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Is Commercialism by another name, Democratisation?

by Jonathan Ho on February 27, 2017

Increasingly, watch fairs like SIHH and Baselworld are headlined by the complications of the grandest and most expensive forms. They’re beautiful, head-turning and as a result, outclass most of the other watches a brand might release. A common joke (warning: it’s fairly gauche) amongst men is the fear of going to bed with a beautifully made up woman and then waking up next to a monster when her make-up is running or off. The key takeaway lesson here being that externalities (or the additions of certain key features) do not account for other truer, more attractive qualities like earnestness, thus demonstrating the core characteristics of a person. In this case, should brands begin to consider their entry level offerings (however commercial), a reflection of their higher calling to the purpose of horology?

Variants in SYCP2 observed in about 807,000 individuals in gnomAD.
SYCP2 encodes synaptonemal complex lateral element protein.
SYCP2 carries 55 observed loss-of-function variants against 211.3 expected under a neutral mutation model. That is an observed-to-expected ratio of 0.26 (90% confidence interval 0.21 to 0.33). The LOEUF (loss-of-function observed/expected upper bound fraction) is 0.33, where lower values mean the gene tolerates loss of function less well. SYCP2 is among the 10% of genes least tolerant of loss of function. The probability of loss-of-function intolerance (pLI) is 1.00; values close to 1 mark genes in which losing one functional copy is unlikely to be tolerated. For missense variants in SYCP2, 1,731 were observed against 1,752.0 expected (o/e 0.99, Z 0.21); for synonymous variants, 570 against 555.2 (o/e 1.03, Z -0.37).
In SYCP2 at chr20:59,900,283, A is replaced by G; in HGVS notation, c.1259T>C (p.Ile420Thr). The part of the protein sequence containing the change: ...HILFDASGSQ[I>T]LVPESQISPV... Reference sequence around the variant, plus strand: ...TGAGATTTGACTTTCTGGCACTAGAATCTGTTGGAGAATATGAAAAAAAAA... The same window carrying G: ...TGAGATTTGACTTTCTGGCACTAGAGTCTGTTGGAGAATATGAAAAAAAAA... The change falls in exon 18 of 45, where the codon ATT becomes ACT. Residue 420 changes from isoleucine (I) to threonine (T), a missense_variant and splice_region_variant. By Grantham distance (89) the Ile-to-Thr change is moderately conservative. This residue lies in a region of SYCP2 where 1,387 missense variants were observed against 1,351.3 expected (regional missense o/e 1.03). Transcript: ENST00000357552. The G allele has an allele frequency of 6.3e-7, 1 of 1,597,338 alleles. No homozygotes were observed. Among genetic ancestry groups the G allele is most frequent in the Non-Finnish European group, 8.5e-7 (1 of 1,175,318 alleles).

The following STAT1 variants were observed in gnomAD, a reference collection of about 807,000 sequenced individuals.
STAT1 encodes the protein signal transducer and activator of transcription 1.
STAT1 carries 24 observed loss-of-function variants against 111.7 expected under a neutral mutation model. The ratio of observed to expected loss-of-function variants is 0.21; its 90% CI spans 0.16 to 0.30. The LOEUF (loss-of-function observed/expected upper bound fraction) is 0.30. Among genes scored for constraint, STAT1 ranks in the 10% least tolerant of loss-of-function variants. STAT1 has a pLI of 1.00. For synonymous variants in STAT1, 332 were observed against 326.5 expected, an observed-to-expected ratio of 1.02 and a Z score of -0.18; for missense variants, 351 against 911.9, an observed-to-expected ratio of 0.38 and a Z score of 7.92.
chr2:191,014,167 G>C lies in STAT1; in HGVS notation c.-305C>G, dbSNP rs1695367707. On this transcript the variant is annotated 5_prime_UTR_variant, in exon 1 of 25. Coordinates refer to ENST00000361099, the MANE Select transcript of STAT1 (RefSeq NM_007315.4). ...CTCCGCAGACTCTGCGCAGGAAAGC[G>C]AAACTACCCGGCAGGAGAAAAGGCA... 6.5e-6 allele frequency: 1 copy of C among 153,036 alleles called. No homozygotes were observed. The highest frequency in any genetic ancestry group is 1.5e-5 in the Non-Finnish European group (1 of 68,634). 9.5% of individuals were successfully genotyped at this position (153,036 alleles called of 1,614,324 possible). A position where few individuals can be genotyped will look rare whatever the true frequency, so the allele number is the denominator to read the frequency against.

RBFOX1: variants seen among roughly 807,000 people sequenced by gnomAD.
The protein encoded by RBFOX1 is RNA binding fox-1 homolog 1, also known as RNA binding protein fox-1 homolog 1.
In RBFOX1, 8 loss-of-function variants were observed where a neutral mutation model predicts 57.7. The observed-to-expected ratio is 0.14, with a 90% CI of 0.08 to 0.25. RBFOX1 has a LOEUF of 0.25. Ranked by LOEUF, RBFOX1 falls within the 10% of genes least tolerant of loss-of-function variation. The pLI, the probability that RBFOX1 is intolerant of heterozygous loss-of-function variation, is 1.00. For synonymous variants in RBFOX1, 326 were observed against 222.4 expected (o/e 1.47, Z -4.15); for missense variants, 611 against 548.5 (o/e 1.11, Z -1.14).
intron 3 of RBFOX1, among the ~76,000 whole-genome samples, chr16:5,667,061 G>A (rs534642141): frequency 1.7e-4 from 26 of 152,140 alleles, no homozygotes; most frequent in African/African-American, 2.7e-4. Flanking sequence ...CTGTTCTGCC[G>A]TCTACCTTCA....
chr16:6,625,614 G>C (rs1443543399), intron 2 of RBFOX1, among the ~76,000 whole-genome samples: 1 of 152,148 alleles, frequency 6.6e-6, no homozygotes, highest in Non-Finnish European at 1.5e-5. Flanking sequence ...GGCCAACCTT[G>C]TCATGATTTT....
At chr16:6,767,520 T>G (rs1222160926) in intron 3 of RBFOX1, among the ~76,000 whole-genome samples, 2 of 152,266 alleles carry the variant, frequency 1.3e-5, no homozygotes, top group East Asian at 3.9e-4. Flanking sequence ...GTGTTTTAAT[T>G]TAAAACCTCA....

The most beautiful makeup of a person is passion, but cosmetics are easier to buy. – Yves Saint Laurent

When it comes to the watch industry, the confluence of technology through precision CNC machines machines, computer-aided design and high tech composite materials through advanced material sciences; combined with the growing wealth of high net worth individuals is encouraging many brands to pursue the highest tiers of watchmaking and attempt the most serious of complications, often in very mind blowing and pocket unfriendly ways. When that happens, the other watches which aren’t quite as attractive in terms of public relations value often gets ignored or are given secondary considerations.

Thus, we posit, stripped of all the head-turning complications and faced with the “true face” of a brand, the one which the widest group of consumers get to see, hold and even own, the real test of character and commitment to horological excellence is really embodied in the entry level tier of the collection; By the transitive properties of the brand’s watchmaking philosophy filtered down to the production of commercial, entry-level offerings, is Commercialism by another name, Democratisation? And if not already, should it be?

The Earth is actually made from white gold, and featuring